Recently, we received some feedback on our article about the influenza shot being found to be safe for all people, including those who are allergic to eggs. One reader asked, “Why is the shot safe for people with an egg allergy now, when it wasn’t before?” Did something change in the vaccine formula? Was more research done that revealed new evidence? The answer is yes. Here is why.
Egg-Containing Vaccines: Now Considered Safe
In 2011, the Centers for Disease Control and Prevention (CDC) and the American Academy of Pediatrics (AAP) suggested that patients who were egg allergic should receive inactive influenza vaccine (IIV) annually like everyone else but with a few precautions. People who had had reactions to eggs of only hives were advised to receive their vaccination in a primary care setting where they could be observed for 30 minutes after the vaccination was administered. Patients who had previously experienced more severe reactions to egg were told to go to an allergist to receive their flu vaccine. Prior skin testing was also recommended before the vaccine was given to some patients.
In 2012 and 2013, updates were published that disclosed that the influenza vaccine IIV was now considered safe for people who are egg allergic, along with those who have a history of anaphylactic response to egg. The amount of ovalbumin, or egg protein, contained in each vaccine was now below 1 microgram/mL. This level is low enough that it is considered unlikely to generate an allergic response even in people who previously displayed the most severe reactions after ingesting egg.
The above guidelines only included IIV and not live attenuated influenza vaccine (LAIV). At the time, LAIV was not included in the guidelines. No studies had demonstrated safety for this vaccine, which also contains a low level of ovalbumin at less than 0.24 micrograms/mL, for egg-allergic people.
Since the 2013 update, both of the egg-containing influenza vaccinations, IIV and LAIV, have been announced to be safe in egg-allergic patients as the result of two large cohort studies that demonstrated that LAIV also was safe for egg-allergic individuals. The CDC and AAP have each updated their guidelines for the 2017-2018 influenza season.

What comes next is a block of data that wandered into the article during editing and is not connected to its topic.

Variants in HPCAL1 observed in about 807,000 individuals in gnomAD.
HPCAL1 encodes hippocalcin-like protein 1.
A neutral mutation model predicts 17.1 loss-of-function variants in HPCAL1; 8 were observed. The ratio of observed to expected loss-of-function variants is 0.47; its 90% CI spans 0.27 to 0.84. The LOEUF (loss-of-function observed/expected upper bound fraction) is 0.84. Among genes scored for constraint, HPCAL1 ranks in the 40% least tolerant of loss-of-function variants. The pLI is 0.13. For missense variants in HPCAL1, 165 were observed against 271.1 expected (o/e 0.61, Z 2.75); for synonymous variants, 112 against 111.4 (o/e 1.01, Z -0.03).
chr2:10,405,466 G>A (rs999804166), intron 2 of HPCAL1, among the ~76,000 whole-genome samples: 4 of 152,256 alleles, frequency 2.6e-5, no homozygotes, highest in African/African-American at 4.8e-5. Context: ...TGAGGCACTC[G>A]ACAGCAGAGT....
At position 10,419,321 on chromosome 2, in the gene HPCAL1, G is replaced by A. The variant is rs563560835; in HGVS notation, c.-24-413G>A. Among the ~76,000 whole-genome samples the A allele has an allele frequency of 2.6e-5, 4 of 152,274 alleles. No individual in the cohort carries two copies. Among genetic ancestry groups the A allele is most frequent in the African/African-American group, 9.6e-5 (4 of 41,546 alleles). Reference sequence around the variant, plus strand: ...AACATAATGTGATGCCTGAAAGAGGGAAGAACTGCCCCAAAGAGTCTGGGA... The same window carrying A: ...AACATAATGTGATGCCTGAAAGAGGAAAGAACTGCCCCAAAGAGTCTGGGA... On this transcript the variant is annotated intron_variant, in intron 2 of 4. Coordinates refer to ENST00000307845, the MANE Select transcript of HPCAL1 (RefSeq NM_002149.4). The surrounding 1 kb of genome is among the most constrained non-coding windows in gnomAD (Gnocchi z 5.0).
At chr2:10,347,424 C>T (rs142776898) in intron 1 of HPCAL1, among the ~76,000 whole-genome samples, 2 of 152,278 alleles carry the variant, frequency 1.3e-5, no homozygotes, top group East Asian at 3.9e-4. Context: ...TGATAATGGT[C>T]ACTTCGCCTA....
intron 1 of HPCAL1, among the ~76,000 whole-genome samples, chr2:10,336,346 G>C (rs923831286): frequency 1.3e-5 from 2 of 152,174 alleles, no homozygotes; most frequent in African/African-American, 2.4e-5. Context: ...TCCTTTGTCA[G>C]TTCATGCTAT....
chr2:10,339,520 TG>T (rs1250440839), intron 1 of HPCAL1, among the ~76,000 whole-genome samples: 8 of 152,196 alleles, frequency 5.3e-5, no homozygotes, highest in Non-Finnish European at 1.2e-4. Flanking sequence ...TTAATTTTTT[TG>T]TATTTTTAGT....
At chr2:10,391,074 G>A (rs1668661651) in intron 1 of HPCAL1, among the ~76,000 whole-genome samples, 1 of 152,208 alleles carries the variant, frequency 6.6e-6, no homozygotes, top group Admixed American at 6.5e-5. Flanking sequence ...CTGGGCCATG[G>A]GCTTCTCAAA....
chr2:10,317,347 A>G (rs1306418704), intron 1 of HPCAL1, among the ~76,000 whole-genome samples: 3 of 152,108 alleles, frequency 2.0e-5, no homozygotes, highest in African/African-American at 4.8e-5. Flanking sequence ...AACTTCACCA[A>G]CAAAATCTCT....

New Non-Egg Vaccines
Not only have the guidelines changed for influenza vaccines that contain ovalbumin, but there have been additional developments in the realm of flu safety and egg allergy. Two more influenza vaccines have been introduced, both of which claim to be non-egg-based.
One vaccine known as ccIIV4 is approved for patients over the age of four and is grown in cell culture. There is a chance that this vaccine could contain 50fg (femtograms) of ovalbumin.
A second vaccine known as RIV is created in an insect cell line with recombinant hemagglutinin protein. This vaccine does not contain any egg protein and is approved for patients over the age of 18. It is available as quadrivalent RIV4 and trivalent RIV3.
Currently, the AAP guidelines state that all children with egg allergy can receive an influenza vaccine without any added precautions beyond those recommended for any vaccine for both egg-allergic and non-allergic people. No special precautions are warranted for IIV.
The CDC also asserts that people who have experienced any severity of allergic reaction to egg can receive the influenza vaccine as long as it is age appropriate. The CDC does go on to recommend that people who have had reactions to eggs with symptoms other than hives should receive the vaccine in a supervised medical setting.
Strong evidence suggests that egg-allergic individuals can take any of the influenza vaccines available today, including IIV, LAIV and the two non-egg-containing vaccines, regardless of their symptoms of allergic reaction to eggs. Screening prior to administration of vaccination is no longer required.
See also: Egg Allergy and the Flu Vaccine for more information.